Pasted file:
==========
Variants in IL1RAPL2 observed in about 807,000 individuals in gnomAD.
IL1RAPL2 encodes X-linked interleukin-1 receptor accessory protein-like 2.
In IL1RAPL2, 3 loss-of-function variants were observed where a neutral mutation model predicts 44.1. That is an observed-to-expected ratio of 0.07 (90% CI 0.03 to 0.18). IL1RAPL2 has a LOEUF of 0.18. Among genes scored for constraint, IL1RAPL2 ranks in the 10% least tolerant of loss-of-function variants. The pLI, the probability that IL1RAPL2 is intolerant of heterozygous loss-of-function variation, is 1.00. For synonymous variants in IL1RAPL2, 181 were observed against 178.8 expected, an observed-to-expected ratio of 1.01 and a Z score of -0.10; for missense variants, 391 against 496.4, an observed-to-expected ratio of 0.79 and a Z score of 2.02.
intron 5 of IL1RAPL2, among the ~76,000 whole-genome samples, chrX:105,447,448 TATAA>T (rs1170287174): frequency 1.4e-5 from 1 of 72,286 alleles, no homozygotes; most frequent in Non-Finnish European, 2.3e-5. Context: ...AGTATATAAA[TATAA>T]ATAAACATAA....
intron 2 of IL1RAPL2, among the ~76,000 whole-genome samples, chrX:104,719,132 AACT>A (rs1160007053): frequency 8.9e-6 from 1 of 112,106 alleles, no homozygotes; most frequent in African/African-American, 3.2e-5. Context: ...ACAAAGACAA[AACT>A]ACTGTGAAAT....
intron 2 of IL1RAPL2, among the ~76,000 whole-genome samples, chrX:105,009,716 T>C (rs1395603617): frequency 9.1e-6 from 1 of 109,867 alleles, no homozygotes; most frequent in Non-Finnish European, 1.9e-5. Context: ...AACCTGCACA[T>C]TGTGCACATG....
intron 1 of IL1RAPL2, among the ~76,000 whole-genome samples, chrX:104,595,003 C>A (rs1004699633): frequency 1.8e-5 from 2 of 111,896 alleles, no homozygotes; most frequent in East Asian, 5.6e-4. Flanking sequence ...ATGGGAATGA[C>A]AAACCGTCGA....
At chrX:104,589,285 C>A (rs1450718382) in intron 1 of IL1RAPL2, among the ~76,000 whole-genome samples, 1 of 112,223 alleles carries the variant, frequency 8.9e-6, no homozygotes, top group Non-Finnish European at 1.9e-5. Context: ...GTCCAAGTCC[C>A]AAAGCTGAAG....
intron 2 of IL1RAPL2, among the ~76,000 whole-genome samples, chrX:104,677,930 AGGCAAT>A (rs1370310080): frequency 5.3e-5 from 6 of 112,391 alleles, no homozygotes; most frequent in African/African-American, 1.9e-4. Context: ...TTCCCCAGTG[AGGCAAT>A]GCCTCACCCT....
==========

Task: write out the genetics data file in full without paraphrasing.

Variants in IL1RAPL2 observed in about 807,000 individuals in gnomAD.
IL1RAPL2 encodes X-linked interleukin-1 receptor accessory protein-like 2.
In IL1RAPL2, 3 loss-of-function variants were observed where a neutral mutation model predicts 44.1. That is an observed-to-expected ratio of 0.07 (90% CI 0.03 to 0.18). IL1RAPL2 has a LOEUF of 0.18. Among genes scored for constraint, IL1RAPL2 ranks in the 10% least tolerant of loss-of-function variants. The pLI, the probability that IL1RAPL2 is intolerant of heterozygous loss-of-function variation, is 1.00. For synonymous variants in IL1RAPL2, 181 were observed against 178.8 expected, an observed-to-expected ratio of 1.01 and a Z score of -0.10; for missense variants, 391 against 496.4, an observed-to-expected ratio of 0.79 and a Z score of 2.02.
intron 5 of IL1RAPL2, among the ~76,000 whole-genome samples, chrX:105,447,448 TATAA>T (rs1170287174): frequency 1.4e-5 from 1 of 72,286 alleles, no homozygotes; most frequent in Non-Finnish European, 2.3e-5. Context: ...AGTATATAAA[TATAA>T]ATAAACATAA....
intron 2 of IL1RAPL2, among the ~76,000 whole-genome samples, chrX:104,719,132 AACT>A (rs1160007053): frequency 8.9e-6 from 1 of 112,106 alleles, no homozygotes; most frequent in African/African-American, 3.2e-5. Context: ...ACAAAGACAA[AACT>A]ACTGTGAAAT....
intron 2 of IL1RAPL2, among the ~76,000 whole-genome samples, chrX:105,009,716 T>C (rs1395603617): frequency 9.1e-6 from 1 of 109,867 alleles, no homozygotes; most frequent in Non-Finnish European, 1.9e-5. Context: ...AACCTGCACA[T>C]TGTGCACATG....
intron 1 of IL1RAPL2, among the ~76,000 whole-genome samples, chrX:104,595,003 C>A (rs1004699633): frequency 1.8e-5 from 2 of 111,896 alleles, no homozygotes; most frequent in East Asian, 5.6e-4. Flanking sequence ...ATGGGAATGA[C>A]AAACCGTCGA....
At chrX:104,589,285 C>A (rs1450718382) in intron 1 of IL1RAPL2, among the ~76,000 whole-genome samples, 1 of 112,223 alleles carries the variant, frequency 8.9e-6, no homozygotes, top group Non-Finnish European at 1.9e-5. Context: ...GTCCAAGTCC[C>A]AAAGCTGAAG....
intron 2 of IL1RAPL2, among the ~76,000 whole-genome samples, chrX:104,677,930 AGGCAAT>A (rs1370310080): frequency 5.3e-5 from 6 of 112,391 alleles, no homozygotes; most frequent in African/African-American, 1.9e-4. Context: ...TTCCCCAGTG[AGGCAAT>A]GCCTCACCCT....